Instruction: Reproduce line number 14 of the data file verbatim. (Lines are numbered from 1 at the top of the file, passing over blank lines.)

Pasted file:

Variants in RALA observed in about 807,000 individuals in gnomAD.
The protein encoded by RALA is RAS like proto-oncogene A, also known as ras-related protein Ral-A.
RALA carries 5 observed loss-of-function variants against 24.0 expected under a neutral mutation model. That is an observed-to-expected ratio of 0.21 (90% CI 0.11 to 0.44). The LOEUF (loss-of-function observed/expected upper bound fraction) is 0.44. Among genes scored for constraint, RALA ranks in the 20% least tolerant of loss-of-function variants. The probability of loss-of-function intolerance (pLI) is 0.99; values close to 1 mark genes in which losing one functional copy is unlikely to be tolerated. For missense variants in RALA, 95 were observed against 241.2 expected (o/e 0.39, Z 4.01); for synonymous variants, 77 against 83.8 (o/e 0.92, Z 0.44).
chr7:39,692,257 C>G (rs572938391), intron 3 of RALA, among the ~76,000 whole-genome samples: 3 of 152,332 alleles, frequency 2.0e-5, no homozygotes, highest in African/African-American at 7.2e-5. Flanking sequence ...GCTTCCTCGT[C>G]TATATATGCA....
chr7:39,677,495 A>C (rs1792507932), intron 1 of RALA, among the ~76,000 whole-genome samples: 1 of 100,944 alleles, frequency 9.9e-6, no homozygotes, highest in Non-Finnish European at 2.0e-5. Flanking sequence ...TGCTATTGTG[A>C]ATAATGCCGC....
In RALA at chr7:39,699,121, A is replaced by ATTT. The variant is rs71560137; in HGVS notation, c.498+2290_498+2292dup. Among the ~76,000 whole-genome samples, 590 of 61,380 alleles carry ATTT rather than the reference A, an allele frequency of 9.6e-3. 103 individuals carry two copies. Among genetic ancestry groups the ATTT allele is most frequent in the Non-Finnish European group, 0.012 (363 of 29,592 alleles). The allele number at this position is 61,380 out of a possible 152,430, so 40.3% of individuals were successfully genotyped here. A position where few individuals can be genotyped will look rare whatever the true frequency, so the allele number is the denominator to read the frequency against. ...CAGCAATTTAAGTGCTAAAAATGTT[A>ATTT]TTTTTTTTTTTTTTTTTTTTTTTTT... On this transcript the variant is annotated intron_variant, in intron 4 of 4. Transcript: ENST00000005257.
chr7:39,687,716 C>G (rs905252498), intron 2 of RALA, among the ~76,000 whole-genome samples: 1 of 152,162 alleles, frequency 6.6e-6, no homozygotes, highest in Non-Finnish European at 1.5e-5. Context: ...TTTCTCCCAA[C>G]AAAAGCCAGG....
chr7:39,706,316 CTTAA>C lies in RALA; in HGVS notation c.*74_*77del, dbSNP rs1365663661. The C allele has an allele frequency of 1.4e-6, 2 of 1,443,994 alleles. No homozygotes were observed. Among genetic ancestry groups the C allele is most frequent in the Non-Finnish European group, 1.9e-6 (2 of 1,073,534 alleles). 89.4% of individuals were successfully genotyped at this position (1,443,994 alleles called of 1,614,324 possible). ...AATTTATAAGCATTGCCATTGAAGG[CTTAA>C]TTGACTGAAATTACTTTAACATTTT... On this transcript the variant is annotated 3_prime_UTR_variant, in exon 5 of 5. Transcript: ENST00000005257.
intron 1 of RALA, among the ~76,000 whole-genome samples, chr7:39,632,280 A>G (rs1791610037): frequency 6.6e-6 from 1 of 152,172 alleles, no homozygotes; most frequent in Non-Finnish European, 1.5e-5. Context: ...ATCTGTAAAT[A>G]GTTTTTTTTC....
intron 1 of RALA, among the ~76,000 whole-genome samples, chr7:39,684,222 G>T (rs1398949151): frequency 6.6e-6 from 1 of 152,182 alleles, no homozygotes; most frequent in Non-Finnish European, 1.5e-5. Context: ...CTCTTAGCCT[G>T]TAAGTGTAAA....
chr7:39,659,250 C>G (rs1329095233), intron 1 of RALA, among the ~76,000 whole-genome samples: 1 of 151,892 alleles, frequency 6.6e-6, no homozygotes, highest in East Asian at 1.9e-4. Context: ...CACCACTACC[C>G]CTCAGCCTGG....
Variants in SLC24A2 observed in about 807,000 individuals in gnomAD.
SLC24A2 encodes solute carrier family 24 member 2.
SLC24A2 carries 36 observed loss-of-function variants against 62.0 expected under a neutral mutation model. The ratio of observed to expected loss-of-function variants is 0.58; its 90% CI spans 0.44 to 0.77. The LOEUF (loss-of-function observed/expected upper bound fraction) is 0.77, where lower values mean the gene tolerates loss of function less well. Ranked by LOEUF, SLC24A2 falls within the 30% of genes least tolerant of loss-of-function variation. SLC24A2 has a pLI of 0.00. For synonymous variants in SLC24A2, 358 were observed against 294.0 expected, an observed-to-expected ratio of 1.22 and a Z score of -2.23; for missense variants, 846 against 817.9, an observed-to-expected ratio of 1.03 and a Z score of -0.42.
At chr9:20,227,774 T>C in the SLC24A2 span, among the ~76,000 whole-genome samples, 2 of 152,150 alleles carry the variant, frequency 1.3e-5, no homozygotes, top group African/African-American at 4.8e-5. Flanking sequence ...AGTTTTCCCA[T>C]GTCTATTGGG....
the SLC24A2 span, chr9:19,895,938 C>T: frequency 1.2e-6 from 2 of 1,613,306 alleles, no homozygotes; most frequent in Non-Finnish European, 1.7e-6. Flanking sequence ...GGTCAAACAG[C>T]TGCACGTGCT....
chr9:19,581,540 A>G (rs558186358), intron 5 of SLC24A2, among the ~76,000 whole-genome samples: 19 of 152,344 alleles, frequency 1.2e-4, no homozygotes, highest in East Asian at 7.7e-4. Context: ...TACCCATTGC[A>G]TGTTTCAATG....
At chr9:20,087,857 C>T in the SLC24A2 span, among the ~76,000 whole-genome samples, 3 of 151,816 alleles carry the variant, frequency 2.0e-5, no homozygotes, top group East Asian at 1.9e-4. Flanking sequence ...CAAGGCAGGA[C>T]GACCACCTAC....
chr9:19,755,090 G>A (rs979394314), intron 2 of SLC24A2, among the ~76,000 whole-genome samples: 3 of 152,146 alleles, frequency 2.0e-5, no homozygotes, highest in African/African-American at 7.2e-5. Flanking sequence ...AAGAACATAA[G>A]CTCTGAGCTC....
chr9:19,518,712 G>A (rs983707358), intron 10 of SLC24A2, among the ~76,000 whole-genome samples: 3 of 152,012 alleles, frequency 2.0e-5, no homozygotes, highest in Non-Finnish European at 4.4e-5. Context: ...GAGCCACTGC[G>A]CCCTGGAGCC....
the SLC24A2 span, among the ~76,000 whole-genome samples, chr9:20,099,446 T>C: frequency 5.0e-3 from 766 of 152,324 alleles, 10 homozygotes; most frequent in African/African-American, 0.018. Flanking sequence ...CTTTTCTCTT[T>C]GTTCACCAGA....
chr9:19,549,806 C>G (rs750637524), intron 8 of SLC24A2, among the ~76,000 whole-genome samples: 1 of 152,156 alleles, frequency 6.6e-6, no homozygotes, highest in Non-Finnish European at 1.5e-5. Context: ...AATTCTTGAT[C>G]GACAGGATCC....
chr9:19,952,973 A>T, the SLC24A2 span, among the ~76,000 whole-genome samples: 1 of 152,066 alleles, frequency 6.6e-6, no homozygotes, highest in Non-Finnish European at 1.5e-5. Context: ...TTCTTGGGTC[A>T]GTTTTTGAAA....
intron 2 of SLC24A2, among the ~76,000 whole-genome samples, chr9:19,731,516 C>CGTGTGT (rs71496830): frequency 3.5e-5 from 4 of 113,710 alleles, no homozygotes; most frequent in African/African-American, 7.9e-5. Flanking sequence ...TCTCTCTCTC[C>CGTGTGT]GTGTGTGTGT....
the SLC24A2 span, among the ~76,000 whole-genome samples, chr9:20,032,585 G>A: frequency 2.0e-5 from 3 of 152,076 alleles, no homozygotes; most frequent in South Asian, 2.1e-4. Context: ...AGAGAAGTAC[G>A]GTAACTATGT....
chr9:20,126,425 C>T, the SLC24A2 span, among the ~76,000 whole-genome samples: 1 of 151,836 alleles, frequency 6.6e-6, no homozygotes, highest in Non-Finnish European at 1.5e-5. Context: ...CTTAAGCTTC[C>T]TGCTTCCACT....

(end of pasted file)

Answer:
SLC24A2 carries 36 observed loss-of-function variants against 62.0 expected under a neutral mutation model. The ratio of observed to expected loss-of-function variants is 0.58; its 90% CI spans 0.44 to 0.77. The LOEUF (loss-of-function observed/expected upper bound fraction) is 0.77, where lower values mean the gene tolerates loss of function less well. Ranked by LOEUF, SLC24A2 falls within the 30% of genes least tolerant of loss-of-function variation. SLC24A2 has a pLI of 0.00. For synonymous variants in SLC24A2, 358 were observed against 294.0 expected, an observed-to-expected ratio of 1.22 and a Z score of -2.23; for missense variants, 846 against 817.9, an observed-to-expected ratio of 1.03 and a Z score of -0.42.